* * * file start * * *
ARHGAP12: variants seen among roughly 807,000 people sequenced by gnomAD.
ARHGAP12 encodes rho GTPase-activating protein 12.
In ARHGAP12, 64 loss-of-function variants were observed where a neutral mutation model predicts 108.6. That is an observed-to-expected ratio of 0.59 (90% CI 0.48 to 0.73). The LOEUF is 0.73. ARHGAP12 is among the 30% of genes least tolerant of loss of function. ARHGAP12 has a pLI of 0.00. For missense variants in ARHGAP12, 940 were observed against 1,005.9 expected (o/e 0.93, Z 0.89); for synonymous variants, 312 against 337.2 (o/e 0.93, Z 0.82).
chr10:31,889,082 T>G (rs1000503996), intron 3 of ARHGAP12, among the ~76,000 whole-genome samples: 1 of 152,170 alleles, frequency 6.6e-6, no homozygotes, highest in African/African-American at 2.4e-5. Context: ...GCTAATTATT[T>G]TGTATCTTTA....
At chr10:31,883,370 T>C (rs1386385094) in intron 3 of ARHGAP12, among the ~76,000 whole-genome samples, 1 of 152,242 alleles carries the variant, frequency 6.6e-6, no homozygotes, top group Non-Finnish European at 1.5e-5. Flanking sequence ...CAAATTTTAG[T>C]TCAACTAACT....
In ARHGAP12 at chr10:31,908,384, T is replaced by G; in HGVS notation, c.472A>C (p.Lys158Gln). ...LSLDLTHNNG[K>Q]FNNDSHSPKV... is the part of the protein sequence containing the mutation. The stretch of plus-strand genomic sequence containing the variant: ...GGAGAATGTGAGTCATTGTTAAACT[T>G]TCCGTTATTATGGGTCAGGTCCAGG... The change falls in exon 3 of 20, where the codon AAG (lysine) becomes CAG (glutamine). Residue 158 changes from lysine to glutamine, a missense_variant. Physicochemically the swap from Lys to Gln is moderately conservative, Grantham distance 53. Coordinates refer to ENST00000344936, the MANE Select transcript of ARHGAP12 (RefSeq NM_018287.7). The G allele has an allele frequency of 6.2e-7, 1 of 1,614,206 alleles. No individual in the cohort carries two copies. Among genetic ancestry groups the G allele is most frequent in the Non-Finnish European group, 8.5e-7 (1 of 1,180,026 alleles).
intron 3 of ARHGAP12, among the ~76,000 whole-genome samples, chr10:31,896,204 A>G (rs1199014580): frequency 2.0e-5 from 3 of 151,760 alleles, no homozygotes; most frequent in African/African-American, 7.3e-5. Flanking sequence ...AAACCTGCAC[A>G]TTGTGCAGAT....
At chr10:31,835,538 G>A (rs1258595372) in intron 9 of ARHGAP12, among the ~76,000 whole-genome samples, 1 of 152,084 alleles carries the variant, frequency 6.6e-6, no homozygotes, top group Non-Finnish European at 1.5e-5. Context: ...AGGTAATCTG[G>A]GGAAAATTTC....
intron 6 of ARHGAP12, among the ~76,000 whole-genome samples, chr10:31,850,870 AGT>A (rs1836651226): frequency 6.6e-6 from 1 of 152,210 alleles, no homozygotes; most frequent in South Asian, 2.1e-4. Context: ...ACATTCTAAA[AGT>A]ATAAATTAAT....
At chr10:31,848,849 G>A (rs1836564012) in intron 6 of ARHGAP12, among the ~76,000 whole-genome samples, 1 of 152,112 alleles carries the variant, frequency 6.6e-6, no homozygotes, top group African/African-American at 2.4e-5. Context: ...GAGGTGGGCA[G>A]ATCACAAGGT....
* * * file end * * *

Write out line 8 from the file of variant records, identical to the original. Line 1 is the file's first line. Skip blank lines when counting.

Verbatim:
At chr10:31,835,538 G>A (rs1258595372) in intron 9 of ARHGAP12, among the ~76,000 whole-genome samples, 1 of 152,084 alleles carries the variant, frequency 6.6e-6, no homozygotes, top group Non-Finnish European at 1.5e-5. Context: ...AGGTAATCTG[G>A]GGAAAATTTC....